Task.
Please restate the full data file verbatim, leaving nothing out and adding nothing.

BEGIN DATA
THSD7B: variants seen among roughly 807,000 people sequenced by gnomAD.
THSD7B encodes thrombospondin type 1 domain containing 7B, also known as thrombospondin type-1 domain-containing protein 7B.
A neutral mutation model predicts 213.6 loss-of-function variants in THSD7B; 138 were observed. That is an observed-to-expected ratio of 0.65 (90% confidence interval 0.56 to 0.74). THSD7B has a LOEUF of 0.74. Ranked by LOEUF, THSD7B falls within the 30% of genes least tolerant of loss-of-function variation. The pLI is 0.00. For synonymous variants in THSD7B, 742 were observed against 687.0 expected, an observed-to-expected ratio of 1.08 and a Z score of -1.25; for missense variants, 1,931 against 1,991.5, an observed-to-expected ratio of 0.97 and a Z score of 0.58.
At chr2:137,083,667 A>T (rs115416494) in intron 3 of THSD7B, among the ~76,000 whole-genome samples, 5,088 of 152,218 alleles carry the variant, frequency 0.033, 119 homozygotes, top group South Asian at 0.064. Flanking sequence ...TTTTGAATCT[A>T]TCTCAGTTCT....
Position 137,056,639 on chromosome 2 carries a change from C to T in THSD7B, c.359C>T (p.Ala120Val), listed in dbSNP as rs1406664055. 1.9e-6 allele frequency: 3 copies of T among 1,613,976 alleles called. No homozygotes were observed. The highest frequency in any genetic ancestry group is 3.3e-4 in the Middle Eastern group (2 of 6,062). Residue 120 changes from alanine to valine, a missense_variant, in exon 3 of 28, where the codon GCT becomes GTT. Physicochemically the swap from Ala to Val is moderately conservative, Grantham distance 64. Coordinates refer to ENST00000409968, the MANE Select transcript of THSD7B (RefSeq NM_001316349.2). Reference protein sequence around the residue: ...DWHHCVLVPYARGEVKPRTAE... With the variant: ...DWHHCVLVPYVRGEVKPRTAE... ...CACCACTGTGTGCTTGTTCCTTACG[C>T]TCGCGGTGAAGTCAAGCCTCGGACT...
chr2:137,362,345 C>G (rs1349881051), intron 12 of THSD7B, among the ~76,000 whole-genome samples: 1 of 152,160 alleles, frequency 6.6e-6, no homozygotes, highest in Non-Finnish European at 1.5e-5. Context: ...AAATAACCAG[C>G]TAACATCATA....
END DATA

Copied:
THSD7B: variants seen among roughly 807,000 people sequenced by gnomAD.
THSD7B encodes thrombospondin type 1 domain containing 7B, also known as thrombospondin type-1 domain-containing protein 7B.
A neutral mutation model predicts 213.6 loss-of-function variants in THSD7B; 138 were observed. That is an observed-to-expected ratio of 0.65 (90% confidence interval 0.56 to 0.74). THSD7B has a LOEUF of 0.74. Ranked by LOEUF, THSD7B falls within the 30% of genes least tolerant of loss-of-function variation. The pLI is 0.00. For synonymous variants in THSD7B, 742 were observed against 687.0 expected, an observed-to-expected ratio of 1.08 and a Z score of -1.25; for missense variants, 1,931 against 1,991.5, an observed-to-expected ratio of 0.97 and a Z score of 0.58.
At chr2:137,083,667 A>T (rs115416494) in intron 3 of THSD7B, among the ~76,000 whole-genome samples, 5,088 of 152,218 alleles carry the variant, frequency 0.033, 119 homozygotes, top group South Asian at 0.064. Flanking sequence ...TTTTGAATCT[A>T]TCTCAGTTCT....
Position 137,056,639 on chromosome 2 carries a change from C to T in THSD7B, c.359C>T (p.Ala120Val), listed in dbSNP as rs1406664055. 1.9e-6 allele frequency: 3 copies of T among 1,613,976 alleles called. No homozygotes were observed. The highest frequency in any genetic ancestry group is 3.3e-4 in the Middle Eastern group (2 of 6,062). Residue 120 changes from alanine to valine, a missense_variant, in exon 3 of 28, where the codon GCT becomes GTT. Physicochemically the swap from Ala to Val is moderately conservative, Grantham distance 64. Coordinates refer to ENST00000409968, the MANE Select transcript of THSD7B (RefSeq NM_001316349.2). Reference protein sequence around the residue: ...DWHHCVLVPYARGEVKPRTAE... With the variant: ...DWHHCVLVPYVRGEVKPRTAE... ...CACCACTGTGTGCTTGTTCCTTACG[C>T]TCGCGGTGAAGTCAAGCCTCGGACT...
chr2:137,362,345 C>G (rs1349881051), intron 12 of THSD7B, among the ~76,000 whole-genome samples: 1 of 152,160 alleles, frequency 6.6e-6, no homozygotes, highest in Non-Finnish European at 1.5e-5. Context: ...AAATAACCAG[C>G]TAACATCATA....